Bar Examinations and Bar Passage

Battling Biases: How Can Diverse Students Overcome Test Bias on the Multistate Bar Examination

Document Type

Law Review Article

Publication Date



bar passage correlates, enrolled student demographics, race and ethnicity, bar exam design, psychometrics, health and psychological barriers, bar passage, stereotype threat


Drafters of standardized tests, such as the Law School Admissions Test (LSAT) and Multistate Bar Examination (MBE), strive to eliminate biases in multiple-choice questions by assembling representatives of diverse backgrounds to screen and discard prejudicial questions. But in reality, intelligence tests will always contain some aspect of bias because a committee of test administrators can never represent the views of every person. Nevertheless, the bar exam incorrectly assumes that all applicants learned the same information throughout their academic careers and possess similar cultural experiences and opinions. The bar exam has not fully recognized that questions can be interpreted differently.

Scholars advocate to abandon intelligence tests as a measure of a person’s future success, but this is unlikely to happen anytime soon because intelligence tests have been used since the early 1900s. Thus, in the meantime, professors must teach students how to identify and eliminate personal biases to increase the students’ chances of selecting the best answer. We must acknowledge that biases will never fully disappear and figure out how to properly support students who experience biases. This article does not promote conforming to social norms, changing our students core beliefs, or decreasing diversity. This article addresses the reality of the bar exam and provides students with a chameleon-like skill that they can use to ensure they are triumphant on the MBEs.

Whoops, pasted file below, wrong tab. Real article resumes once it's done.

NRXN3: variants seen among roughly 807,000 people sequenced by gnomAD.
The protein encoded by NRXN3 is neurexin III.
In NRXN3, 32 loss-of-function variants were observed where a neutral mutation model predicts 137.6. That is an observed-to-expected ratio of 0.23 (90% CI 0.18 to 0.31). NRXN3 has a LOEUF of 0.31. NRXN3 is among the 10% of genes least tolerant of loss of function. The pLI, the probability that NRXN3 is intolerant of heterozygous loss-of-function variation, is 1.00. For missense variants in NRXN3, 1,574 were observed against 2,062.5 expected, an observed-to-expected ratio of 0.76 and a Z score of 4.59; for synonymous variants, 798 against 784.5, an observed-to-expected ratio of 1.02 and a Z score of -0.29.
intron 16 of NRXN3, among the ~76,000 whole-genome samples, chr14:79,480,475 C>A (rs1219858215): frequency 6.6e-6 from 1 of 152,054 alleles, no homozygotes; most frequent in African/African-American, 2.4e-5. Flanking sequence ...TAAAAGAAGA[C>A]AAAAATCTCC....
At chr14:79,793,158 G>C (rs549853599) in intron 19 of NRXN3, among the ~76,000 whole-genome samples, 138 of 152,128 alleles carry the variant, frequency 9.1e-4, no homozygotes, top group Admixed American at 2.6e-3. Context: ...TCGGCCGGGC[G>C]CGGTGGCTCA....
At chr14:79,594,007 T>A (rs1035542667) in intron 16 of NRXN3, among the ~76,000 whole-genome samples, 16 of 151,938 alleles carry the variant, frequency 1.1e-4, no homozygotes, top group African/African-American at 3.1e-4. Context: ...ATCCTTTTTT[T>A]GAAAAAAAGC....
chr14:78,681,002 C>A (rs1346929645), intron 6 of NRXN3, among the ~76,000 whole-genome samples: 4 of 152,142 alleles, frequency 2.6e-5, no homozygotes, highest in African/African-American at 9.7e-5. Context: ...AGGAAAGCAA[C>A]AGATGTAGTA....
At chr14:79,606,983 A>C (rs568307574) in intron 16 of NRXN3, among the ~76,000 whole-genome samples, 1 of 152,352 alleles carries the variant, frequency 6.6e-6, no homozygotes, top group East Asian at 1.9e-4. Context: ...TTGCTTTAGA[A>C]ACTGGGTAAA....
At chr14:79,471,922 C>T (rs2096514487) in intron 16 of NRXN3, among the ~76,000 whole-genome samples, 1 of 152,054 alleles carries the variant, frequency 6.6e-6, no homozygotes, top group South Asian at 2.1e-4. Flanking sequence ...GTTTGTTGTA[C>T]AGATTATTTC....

Part I provides background information on the components of the bar exam and disparity in performance results between Whites and people of color. It defines test validity and explores test biases as a possible reason for the lower passage of minorities, such as language barriers, the equal experience assumption, promotion of dominantvalues, and bias in item selection. Part II discusses test biases on the MBE portion of the bar by exploring the National Conference of Bar Examiners’ (NCBE) five myths and breaking down specific multiple-choice questions from NCBE’s Online Practice Exam #4. Part III shares how academics can (a) reframe stereotype threat to help students overcome test anxiety and (b) reframe the speediness and memorization requirements of the bar exam to requirements of grit and determination to join the profession. Finally, Part IV acknowledges that test biases are unlikely to disappear and provides a step-by-step solution to help students be successful on the MBEs. The step-by-step approach is supported by statistics from the Logic for Lawyers class at the University of San Francisco School of Law, a multiple-choice skills-based test that employs the step-by-step method.